Nicholas Pye: King of the boardroom

I’d be prepared to wager a lot of money (20 percent mine, 80 percent yours, obviously) that the person who came up with that phrase about “separating the men from the boys” was thinking primarily about the private equity investment committee meeting. Particularly when it’s conducted in the presence of John T. Leviathan, the greatest buyout guy in history.

“So listen,” my boss says wearily at our weekly meeting beforehand. “God only knows how we got this far. I guess you just got lucky that we’re so desperate for good deals that even the most ridiculous ones are being treated like works of contrarian genius… Or maybe JTL has been sniffing the Old Spice again.”

“Seriously, this deal…”

“Stop talking, Nick. And ideally don’t start again until after the IC. Now the good news is that they’ve all seen the memo, which means that for some reason, they don’t hate it. Either that or they want to see me die on my ar… Anyway… Just keep schtum, let me do the talking and hopefully we’ll get out of there with our careers intact. And when I say ‘our’, I obviously mean ‘mine’.”

Such a joker!

Finally the appointed hour came, and I made what will no doubt be my first of many trips to the top floor boardroom. It’s basically wall to-wall mahogany.

“Not many people know this, Nicky, but 15 percent of our management fee goes on Mr Sheen,” the boss whispers to me on the way in. I’m about to quiz him on the tax efficiency of this arrangement, but just at that moment, John Leviathan strides purposefully through the door – all five feet and four magnificent inches of him, trailing clouds of glorious wealth.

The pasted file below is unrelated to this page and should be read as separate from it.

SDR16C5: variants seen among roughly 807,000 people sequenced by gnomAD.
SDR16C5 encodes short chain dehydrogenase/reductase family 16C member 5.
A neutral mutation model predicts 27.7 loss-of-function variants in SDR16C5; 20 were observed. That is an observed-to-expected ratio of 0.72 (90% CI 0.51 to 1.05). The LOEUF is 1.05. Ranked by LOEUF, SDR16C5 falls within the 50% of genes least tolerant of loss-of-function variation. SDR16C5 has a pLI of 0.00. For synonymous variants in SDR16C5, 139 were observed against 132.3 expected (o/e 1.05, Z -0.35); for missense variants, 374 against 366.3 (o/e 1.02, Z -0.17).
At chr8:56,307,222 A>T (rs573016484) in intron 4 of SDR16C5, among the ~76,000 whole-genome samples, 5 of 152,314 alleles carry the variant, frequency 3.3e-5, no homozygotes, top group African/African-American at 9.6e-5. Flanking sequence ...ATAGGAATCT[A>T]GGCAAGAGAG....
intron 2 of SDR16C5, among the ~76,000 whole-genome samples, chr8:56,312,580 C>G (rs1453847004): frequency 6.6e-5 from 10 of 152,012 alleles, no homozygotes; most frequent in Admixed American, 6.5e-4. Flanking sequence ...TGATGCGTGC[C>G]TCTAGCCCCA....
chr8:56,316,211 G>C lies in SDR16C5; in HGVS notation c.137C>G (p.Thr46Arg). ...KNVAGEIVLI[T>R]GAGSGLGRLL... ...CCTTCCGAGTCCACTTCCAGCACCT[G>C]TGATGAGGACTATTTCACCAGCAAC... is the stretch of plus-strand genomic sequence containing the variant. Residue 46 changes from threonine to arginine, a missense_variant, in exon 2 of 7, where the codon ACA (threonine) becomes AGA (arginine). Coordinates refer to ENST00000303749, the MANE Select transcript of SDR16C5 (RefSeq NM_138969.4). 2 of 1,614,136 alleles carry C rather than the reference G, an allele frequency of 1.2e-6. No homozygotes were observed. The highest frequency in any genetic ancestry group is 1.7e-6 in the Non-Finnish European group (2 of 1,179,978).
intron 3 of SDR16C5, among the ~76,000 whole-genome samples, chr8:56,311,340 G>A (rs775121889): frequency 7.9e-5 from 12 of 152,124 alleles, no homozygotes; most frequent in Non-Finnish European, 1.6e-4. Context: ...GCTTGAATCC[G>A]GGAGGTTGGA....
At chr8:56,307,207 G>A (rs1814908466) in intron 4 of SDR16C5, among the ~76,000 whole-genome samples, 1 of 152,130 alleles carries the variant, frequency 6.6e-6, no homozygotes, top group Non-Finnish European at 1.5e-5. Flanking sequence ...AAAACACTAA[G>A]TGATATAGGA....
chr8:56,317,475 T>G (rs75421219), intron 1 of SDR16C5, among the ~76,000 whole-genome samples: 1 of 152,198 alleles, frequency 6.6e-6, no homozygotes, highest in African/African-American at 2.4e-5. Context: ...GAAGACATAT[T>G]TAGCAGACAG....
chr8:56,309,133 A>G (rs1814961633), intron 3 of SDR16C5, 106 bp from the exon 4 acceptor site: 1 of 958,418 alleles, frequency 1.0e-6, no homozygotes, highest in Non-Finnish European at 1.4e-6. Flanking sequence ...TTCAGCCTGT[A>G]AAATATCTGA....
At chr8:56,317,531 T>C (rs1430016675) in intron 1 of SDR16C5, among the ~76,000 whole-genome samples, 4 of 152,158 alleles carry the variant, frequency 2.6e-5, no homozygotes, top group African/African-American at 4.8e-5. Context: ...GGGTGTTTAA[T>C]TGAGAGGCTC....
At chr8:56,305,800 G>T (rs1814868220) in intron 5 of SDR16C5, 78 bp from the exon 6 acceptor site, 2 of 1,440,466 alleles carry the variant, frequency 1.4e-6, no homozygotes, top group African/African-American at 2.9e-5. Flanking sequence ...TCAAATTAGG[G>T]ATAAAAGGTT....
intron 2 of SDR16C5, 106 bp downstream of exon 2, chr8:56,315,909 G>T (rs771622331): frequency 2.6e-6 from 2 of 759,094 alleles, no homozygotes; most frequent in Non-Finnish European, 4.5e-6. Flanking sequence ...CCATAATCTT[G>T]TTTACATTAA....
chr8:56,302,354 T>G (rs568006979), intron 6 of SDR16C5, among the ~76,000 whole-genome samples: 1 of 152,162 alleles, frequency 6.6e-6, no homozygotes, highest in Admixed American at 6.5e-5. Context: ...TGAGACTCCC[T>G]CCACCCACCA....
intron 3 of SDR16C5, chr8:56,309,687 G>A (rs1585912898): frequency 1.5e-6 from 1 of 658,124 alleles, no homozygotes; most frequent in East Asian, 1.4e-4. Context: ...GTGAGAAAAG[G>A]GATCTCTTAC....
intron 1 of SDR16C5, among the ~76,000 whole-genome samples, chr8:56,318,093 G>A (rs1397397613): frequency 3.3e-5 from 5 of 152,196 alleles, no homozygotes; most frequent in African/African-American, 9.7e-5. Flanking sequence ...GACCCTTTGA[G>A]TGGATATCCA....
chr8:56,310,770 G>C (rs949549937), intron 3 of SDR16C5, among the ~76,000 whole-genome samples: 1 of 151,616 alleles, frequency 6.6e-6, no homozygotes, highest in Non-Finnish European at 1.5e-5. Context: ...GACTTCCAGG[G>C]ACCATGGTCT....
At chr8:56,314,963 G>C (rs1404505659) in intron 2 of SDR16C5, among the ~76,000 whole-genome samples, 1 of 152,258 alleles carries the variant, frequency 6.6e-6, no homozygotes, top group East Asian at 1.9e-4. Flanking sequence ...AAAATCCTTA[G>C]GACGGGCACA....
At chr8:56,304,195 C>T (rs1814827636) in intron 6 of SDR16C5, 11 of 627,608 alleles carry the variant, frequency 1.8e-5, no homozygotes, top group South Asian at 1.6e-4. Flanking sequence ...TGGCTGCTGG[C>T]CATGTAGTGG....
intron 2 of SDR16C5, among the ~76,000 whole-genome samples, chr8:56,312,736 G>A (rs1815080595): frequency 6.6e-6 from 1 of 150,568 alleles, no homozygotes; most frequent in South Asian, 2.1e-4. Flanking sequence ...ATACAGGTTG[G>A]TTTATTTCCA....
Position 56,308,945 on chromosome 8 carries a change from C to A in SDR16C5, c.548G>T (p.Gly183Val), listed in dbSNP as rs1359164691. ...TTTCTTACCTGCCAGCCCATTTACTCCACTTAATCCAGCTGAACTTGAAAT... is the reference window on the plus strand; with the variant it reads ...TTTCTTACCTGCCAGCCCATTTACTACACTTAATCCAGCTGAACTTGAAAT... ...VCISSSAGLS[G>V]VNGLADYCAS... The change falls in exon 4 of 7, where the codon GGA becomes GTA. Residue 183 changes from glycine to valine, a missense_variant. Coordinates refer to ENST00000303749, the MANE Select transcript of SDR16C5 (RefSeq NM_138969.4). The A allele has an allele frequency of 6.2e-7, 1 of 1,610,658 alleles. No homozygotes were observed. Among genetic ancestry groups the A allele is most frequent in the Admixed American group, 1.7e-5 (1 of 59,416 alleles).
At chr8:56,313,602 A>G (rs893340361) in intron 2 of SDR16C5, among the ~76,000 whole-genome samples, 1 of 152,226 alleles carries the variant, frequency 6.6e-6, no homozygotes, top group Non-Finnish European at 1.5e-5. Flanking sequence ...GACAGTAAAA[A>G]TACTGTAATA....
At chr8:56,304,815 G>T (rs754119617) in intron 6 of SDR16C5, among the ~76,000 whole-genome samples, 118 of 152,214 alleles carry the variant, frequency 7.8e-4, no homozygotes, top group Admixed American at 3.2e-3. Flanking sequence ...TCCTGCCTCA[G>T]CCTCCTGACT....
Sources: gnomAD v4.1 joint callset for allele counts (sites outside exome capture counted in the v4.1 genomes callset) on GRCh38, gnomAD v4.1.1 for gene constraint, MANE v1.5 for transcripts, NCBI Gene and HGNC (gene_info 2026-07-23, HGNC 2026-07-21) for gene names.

He beams that famous smile, does a little glad-handing, and then motions us to the boardroom table: we sit down dutifully, while he takes his rightful place at the head. It feels a bit like being one of the disciples at the Last Supper (but without the tragic undertones).

“So whaddawe got?” he growls (John Leviathan is not one to beat around a bush. He buys that bush. And then eats it.). “Oh yeah, this is the olive oil thing, right? Let’s hear it.”

“Yes John,” says my boss. “So as you all know from the memo-”

“Don’t give me the memo. Give me the memorable.” His glittering eyes sweep the table, and I readily supply the required swoon for his lyrical magnificence.

My boss, to be fair to him, does a pretty good job at selling the dream. I could barely have done it better myself. When he’s finished, Leviathan sits back in his chair and thinks.

“So whose crazy idea was this?” he says, after a while.

My boss instantly points to yours truly. “Pye, John. Nick Pye. Right here. It was all his idea.”

“Nicholas… but thanks… Sir, if you recall, we met-”

“You know what, Pye,” he interrupts. “You’ve got some balls…”

I sense a hush in the room (with my ears). I’m dimly aware that this is probably the most critical moment in my entire life. “Well, thank you, sir, but…”

“Selling olive oil to the Greeks… It’s so damn crazy, it’s genius. I love it! What’s it going to cost me?”

“Sir, they’re basically giving it away…”

“I knew it. Outstanding work, Pye. I’m in. Any objections?”

I was expecting a vote, but it turned out there was no need (as my boss told me later: “Votes are for things John doesn’t care about.”). That was it: a done deal! Next stop, untold riches…